TEXAS – Texas Gov. Greg Abbott said he expected the first shipment of Pfizer’s touted COVID-19 vaccine to come by the end of November, but that doesn’t mean the public will have to access to it before the end of the year.
Abbott said Texas stands ready to distribute the vaccine “immediately,” along with two experimental antibody treatments that have recently received emergency approval from the Food and Drug Administration. But more work must be done before the vaccine is ready to go.
Pfizer said the vaccine is 90% effective, but stressed that percentage can change. The figure came from an interim analysis conducted by an independent data monitoring board. The study is still continuing, and Pfizer has warned that the protection rate might change as more COVID-19 cases are added to the calculations.
In addition to the need for more clear and extensive results, this vaccine faces another obstacle in its distribution process.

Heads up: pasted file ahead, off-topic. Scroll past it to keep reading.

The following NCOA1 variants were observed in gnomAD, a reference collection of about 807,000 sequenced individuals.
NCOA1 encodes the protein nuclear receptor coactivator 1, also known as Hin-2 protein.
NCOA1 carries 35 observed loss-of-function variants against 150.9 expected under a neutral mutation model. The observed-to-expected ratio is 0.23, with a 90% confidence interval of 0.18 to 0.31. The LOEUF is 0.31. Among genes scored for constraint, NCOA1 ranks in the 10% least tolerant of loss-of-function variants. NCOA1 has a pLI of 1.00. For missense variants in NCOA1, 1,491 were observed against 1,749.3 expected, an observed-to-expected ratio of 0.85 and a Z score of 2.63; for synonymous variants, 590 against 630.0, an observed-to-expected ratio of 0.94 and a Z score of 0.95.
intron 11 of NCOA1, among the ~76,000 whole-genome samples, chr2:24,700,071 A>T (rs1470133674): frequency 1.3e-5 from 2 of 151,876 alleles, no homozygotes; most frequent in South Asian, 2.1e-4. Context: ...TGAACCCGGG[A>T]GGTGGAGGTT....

The vaccine utilizes new technology where the doses are made with a piece of genetic code rather than with the novel coronavirus itself. Because of that, the doses need to be stored in extremely cold temperatures. Currently, it needs to be kept at negative 94 degrees Farenheit, according to Reuters.
“The cold chain is going to be one of the most challenging aspects of delivery of this vaccination,” Amesh Adalja, senior scholar at Johns Hopkins Center for Health Security, told Reuters.